Hudsonian Godwit

Limosa haemastica

Order

CHARADRIIFORMES

Family

Sandpipers, Phalaropes (Scolopacidae)

Code 4

HUGO

Code 6

LIMHAE

ITIS

ILLUSTRATION

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PHOTOS

CONSERVATION STATUS

Least Concern

The Hudsonian Godwit has a breeding range of 262,000 square kilometers. This includes grassy tundra near wetlands at scattered sites in Alaska, northern Canada, and on the coast of Hudson Bay. This species is a long distance migrant to wintering sites in Paraguay, southern Brazil, Uruguay, Chile, and Argentina. It has an estimated population of 77,000 breeding individuals, and is threatened by pollution and destruction of wetland habitats required for migration and on its wintering grounds. It has a conservation rating of Near Threatened.

IBIRD EXPLORER GENERAL

PHOTO SHARING AND DISCUSSION

BIRD PHOTOGRAPHY

SUMMARY

Overview

Hudsonian Godwit: Large sandpiper with white-scaled, brown-black upperparts, black-barred chestnut-brown underparts. Long bill, slightly upcurved and pink with black tip. White rump, white wing-bar, black underwings visible in flight. Legs and feet are blue-gray. Swift, powerful undulating flight.

 

Range and Habitat

Hudsonian Godwit: Nests on mixed tundra/wetlands in northern Canada and Alaska. Migrates up through the Great Plains in the spring, and south off the Atlantic coast to South America for the winter. Preferred habitats include muddy, sandy, or rocky shores, freshwater marshes, mudflats, and flooded fields.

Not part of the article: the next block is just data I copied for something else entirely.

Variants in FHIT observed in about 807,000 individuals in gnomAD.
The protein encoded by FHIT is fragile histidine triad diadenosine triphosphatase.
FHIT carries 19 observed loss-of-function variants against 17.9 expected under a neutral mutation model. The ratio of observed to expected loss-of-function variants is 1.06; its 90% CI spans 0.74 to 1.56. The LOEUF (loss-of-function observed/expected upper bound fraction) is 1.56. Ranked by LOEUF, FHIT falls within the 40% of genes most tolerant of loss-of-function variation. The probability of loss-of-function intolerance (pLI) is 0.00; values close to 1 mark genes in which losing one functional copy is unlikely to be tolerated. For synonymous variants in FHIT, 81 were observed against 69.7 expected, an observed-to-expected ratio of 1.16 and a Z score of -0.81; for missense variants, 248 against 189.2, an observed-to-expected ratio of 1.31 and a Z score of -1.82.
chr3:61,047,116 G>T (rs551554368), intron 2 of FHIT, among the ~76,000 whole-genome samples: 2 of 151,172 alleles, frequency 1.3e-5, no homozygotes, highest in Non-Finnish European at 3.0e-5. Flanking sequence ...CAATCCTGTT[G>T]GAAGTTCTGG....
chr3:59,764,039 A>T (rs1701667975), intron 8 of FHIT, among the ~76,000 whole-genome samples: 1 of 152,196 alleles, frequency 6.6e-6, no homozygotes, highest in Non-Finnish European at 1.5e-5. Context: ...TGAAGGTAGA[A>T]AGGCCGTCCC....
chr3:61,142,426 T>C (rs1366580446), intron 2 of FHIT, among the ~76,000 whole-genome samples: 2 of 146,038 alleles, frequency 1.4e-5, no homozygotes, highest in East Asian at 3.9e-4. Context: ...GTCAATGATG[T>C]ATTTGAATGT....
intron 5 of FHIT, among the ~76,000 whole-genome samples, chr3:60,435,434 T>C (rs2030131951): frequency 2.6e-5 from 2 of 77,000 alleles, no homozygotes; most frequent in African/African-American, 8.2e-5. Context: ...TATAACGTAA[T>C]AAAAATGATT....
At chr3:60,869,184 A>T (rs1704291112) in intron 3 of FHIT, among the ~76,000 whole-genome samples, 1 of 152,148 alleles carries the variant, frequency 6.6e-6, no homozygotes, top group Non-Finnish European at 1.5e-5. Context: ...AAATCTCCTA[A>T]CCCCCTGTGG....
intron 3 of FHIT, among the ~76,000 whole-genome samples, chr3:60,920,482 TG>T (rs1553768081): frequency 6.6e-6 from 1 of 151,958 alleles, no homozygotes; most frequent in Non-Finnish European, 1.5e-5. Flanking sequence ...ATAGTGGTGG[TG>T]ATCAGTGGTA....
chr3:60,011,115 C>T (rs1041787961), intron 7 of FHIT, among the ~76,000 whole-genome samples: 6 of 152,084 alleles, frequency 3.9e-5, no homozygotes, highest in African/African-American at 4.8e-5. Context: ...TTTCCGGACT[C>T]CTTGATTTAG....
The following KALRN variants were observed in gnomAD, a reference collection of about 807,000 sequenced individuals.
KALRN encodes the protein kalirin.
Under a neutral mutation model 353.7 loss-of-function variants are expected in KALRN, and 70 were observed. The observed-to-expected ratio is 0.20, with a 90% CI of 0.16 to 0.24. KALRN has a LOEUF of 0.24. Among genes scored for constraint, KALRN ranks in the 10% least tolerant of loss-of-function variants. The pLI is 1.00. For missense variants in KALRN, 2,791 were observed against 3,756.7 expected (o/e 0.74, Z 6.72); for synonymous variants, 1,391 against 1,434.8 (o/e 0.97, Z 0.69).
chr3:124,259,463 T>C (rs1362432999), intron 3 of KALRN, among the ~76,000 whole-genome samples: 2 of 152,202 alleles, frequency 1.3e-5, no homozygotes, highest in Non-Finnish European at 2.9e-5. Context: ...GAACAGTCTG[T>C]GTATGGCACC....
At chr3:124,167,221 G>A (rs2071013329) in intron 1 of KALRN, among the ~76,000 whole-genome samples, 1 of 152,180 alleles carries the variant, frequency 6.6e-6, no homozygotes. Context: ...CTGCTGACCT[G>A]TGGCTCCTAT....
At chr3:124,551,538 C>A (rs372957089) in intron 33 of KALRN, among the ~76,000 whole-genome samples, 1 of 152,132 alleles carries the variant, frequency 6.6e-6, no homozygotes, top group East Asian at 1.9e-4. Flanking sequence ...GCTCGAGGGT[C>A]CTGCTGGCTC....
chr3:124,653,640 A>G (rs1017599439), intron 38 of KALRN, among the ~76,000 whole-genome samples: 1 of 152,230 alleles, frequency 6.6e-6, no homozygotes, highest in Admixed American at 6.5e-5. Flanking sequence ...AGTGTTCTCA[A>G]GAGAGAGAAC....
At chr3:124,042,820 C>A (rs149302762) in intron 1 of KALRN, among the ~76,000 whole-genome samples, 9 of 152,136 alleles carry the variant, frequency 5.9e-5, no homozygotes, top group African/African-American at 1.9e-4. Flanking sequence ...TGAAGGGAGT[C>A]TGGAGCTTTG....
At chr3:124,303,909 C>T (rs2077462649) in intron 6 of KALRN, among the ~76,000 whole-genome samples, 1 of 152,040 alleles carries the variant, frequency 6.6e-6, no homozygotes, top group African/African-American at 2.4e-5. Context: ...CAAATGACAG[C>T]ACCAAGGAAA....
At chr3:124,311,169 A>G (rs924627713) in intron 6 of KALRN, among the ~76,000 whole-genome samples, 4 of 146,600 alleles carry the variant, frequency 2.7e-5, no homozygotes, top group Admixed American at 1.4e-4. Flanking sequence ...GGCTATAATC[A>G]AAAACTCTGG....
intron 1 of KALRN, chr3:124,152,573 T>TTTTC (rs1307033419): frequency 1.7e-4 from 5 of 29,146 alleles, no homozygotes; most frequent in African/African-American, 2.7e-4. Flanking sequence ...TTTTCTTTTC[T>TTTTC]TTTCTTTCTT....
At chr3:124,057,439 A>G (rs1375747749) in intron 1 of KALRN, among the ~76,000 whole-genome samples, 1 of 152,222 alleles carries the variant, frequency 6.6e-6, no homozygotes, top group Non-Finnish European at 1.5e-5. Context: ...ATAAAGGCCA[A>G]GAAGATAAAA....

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Hudsonian Godwit SONGS AND CALLS

Hudsonian Godwit FFF2

Raspy call, then rapid series of "toe-wit" calls.

Hudsonian Godwit FFF1

Flight calls on breeding grounds.

Similar Sounding


Voice Text

"kae-wit"

INTERESTING FACTS

  • After breeding, the Hudsonian Godwit undertakes a migration from the subarctic to southern South America, in which it apparently makes nonstop flights of several thousand miles.
  • It is the smallest and least known of the world’s four godwit species.
  • It once was regarded as one of North America’s rarest birds; though it is now known to be much more numerous, it is still considered highly vulnerable because its population is concentrated at only a few sites.
  • A group of godwits are collectively known as an "omniscience", "pantheon", and "prayer" of godwits.

SIMILAR BIRDS

RANGE MAP NORTH AMERICA

About this North America Map

This map shows how this species is distributed across North America.

FAMILY DESCRIPTION

TERMINOLOGY

CREDITS

Author

Gary Owen Dick

Artist

Chris Vest

HELP ME IDENTIFY A BIRD

BACKYARD BIRDING

BIRDS AND BIRDING

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UnderpartsX

Belly, undertail coverts, chest, flanks, and foreneck.

UpperpartsX
Back, rump, hindneck, wings, and crown.
RumpX
The area between the uppertail coverts and the back of the bird.
Parts of a Standing bird X
Head Feathers and Markings X
Parts of a Flying bird X